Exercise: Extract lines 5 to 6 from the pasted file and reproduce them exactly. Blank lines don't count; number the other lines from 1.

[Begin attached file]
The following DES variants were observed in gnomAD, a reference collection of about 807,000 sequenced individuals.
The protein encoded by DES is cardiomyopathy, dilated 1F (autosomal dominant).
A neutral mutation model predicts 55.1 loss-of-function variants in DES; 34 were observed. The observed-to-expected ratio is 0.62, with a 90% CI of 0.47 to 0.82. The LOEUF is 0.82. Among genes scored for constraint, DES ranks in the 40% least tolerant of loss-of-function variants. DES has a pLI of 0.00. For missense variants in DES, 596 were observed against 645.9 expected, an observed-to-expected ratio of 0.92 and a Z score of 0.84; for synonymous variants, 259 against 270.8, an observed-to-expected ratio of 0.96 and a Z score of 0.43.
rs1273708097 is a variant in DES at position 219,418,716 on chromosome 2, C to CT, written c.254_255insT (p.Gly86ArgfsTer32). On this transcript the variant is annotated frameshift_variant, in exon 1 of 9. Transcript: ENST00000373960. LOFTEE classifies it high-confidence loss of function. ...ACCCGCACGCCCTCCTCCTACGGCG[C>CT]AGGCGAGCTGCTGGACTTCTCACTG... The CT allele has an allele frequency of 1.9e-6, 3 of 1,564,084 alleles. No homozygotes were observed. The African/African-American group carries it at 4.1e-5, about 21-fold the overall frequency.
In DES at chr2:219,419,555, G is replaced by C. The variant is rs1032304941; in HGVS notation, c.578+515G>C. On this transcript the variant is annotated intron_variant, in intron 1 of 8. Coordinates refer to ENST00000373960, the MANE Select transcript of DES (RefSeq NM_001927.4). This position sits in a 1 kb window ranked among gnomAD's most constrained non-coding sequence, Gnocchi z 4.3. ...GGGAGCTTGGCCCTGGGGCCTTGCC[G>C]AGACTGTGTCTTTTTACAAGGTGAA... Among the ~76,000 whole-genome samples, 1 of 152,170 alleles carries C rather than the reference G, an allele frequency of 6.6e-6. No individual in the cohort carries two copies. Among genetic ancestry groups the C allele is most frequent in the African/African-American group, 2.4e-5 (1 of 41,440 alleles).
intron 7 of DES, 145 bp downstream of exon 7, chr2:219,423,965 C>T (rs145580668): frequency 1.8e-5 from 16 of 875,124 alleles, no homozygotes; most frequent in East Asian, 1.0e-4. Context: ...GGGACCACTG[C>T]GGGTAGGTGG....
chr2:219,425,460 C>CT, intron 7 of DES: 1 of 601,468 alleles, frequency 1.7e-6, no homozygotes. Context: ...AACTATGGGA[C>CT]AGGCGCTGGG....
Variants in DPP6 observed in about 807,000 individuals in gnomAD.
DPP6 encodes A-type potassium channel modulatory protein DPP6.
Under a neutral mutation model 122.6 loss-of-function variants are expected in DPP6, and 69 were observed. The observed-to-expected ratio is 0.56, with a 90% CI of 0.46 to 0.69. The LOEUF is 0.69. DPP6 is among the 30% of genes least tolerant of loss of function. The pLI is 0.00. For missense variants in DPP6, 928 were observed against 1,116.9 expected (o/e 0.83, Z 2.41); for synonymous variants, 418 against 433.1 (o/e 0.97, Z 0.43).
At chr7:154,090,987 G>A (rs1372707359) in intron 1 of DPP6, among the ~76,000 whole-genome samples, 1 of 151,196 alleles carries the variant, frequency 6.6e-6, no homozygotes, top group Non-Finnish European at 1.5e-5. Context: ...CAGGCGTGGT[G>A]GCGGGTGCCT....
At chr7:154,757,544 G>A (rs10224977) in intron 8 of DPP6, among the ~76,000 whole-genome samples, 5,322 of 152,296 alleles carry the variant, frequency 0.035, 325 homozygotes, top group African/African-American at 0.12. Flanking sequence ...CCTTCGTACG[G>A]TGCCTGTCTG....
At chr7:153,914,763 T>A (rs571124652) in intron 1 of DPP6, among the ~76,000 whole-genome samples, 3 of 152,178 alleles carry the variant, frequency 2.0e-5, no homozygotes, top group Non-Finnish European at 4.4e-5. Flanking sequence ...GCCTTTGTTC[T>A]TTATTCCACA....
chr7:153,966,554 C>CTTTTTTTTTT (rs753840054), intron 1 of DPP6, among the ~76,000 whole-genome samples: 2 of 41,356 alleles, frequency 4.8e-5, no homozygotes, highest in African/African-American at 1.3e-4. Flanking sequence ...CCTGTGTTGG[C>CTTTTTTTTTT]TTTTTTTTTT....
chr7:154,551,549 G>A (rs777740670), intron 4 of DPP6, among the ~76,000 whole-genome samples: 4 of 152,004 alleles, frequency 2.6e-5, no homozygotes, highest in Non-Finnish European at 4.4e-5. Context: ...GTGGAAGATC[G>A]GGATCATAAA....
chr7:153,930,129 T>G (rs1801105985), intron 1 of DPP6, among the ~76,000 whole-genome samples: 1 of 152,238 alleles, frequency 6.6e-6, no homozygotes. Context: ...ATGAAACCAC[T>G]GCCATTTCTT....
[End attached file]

In DES at chr2:219,419,555, G is replaced by C. The variant is rs1032304941; in HGVS notation, c.578+515G>C. On this transcript the variant is annotated intron_variant, in intron 1 of 8. Coordinates refer to ENST00000373960, the MANE Select transcript of DES (RefSeq NM_001927.4). This position sits in a 1 kb window ranked among gnomAD's most constrained non-coding sequence, Gnocchi z 4.3. ...GGGAGCTTGGCCCTGGGGCCTTGCC[G>C]AGACTGTGTCTTTTTACAAGGTGAA... Among the ~76,000 whole-genome samples, 1 of 152,170 alleles carries C rather than the reference G, an allele frequency of 6.6e-6. No individual in the cohort carries two copies. Among genetic ancestry groups the C allele is most frequent in the African/African-American group, 2.4e-5 (1 of 41,440 alleles).
intron 7 of DES, 145 bp downstream of exon 7, chr2:219,423,965 C>T (rs145580668): frequency 1.8e-5 from 16 of 875,124 alleles, no homozygotes; most frequent in East Asian, 1.0e-4. Context: ...GGGACCACTG[C>T]GGGTAGGTGG....